San Luis Obispo County is a California road trip classic.
Situated roughly halfway between Los Angeles and the Bay Area, it’s no coincidence that the first motel had its home here. If ever there was a place made for exploring behind the wheel of a car, San Luis Obispo County is it. And as far as I’m concerned, it’s my favorite place to be when I’m roadtripping in the Golden State.
What’s so special about San Luis Obispo County?
California has an embarrassment of wealth when it comes to world-class destinations. It’s the state that gave us Disneyland and Hollywood, Yosemite and Palm Springs, Death Valley and Napa Valley. Even though I’ve yet to explore many of the state’s more high profile sights, I keep returning to San Luis Obispo County. Why? Because it encapsulates everything I’ve come to know and love about California.
Writing about places you’ve traveled to can sometimes be a mental challenge. You have to be hyper aware–to remember the things you saw and heard and smelled and felt so you can later recount your experience to others. I was on a break from blogging the first time I took a dedicated trip to the area, and I’ve retained that “live in the moment” approach to the region. Since the happy accident that landed me in Morro Bay on my two-week West Coast solo road trip in 2012, I’ve made three subsequent visits to SLO County. With each visit, I find even more reasons to return.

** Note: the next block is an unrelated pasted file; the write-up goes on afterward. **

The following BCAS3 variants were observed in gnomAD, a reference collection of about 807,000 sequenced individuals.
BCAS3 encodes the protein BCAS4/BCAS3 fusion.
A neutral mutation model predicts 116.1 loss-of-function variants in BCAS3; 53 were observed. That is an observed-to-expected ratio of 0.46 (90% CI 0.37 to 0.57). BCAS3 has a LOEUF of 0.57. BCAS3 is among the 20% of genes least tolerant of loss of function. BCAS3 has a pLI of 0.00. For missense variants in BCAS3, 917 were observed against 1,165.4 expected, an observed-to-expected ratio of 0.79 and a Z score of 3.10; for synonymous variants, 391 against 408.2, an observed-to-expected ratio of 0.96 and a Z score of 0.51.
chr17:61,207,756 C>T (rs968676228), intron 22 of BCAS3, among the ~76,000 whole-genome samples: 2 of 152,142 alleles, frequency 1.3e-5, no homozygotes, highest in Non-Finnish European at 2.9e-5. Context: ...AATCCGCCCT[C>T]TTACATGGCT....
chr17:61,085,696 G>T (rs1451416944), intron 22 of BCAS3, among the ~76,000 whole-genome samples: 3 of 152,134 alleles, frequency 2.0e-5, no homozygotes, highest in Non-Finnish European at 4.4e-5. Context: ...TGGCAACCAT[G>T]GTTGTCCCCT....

If you every decide to take that classic road trip between Los Angeles and San Francisco, be sure to hit up one of my five favorite stops in San Luis Obispo County.